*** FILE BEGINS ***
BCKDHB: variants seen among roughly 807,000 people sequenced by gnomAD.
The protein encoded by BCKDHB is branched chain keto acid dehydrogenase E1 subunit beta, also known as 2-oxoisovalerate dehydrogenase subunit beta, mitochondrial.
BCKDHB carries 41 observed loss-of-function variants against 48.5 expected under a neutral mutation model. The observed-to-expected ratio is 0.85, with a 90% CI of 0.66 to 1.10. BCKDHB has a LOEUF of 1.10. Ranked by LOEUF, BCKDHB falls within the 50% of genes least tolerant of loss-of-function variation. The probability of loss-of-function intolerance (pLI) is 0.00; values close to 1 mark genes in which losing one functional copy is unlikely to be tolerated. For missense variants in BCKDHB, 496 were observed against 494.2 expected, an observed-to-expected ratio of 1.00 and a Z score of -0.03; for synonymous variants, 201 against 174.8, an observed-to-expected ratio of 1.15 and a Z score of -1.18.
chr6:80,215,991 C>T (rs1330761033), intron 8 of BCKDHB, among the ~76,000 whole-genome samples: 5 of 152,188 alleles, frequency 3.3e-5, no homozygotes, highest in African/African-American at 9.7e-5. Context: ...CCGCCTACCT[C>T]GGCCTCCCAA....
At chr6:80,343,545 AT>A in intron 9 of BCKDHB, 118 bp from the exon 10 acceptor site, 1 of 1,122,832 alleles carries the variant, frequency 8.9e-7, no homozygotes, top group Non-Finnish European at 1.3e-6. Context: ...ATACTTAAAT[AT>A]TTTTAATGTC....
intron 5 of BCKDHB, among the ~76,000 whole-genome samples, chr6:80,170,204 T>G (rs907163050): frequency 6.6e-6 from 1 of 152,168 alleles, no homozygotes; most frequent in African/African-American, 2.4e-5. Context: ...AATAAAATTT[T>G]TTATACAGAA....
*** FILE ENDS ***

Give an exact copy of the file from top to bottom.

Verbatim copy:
BCKDHB: variants seen among roughly 807,000 people sequenced by gnomAD.
The protein encoded by BCKDHB is branched chain keto acid dehydrogenase E1 subunit beta, also known as 2-oxoisovalerate dehydrogenase subunit beta, mitochondrial.
BCKDHB carries 41 observed loss-of-function variants against 48.5 expected under a neutral mutation model. The observed-to-expected ratio is 0.85, with a 90% CI of 0.66 to 1.10. BCKDHB has a LOEUF of 1.10. Ranked by LOEUF, BCKDHB falls within the 50% of genes least tolerant of loss-of-function variation. The probability of loss-of-function intolerance (pLI) is 0.00; values close to 1 mark genes in which losing one functional copy is unlikely to be tolerated. For missense variants in BCKDHB, 496 were observed against 494.2 expected, an observed-to-expected ratio of 1.00 and a Z score of -0.03; for synonymous variants, 201 against 174.8, an observed-to-expected ratio of 1.15 and a Z score of -1.18.
chr6:80,215,991 C>T (rs1330761033), intron 8 of BCKDHB, among the ~76,000 whole-genome samples: 5 of 152,188 alleles, frequency 3.3e-5, no homozygotes, highest in African/African-American at 9.7e-5. Context: ...CCGCCTACCT[C>T]GGCCTCCCAA....
At chr6:80,343,545 AT>A in intron 9 of BCKDHB, 118 bp from the exon 10 acceptor site, 1 of 1,122,832 alleles carries the variant, frequency 8.9e-7, no homozygotes, top group Non-Finnish European at 1.3e-6. Context: ...ATACTTAAAT[AT>A]TTTTAATGTC....
intron 5 of BCKDHB, among the ~76,000 whole-genome samples, chr6:80,170,204 T>G (rs907163050): frequency 6.6e-6 from 1 of 152,168 alleles, no homozygotes; most frequent in African/African-American, 2.4e-5. Context: ...AATAAAATTT[T>G]TTATACAGAA....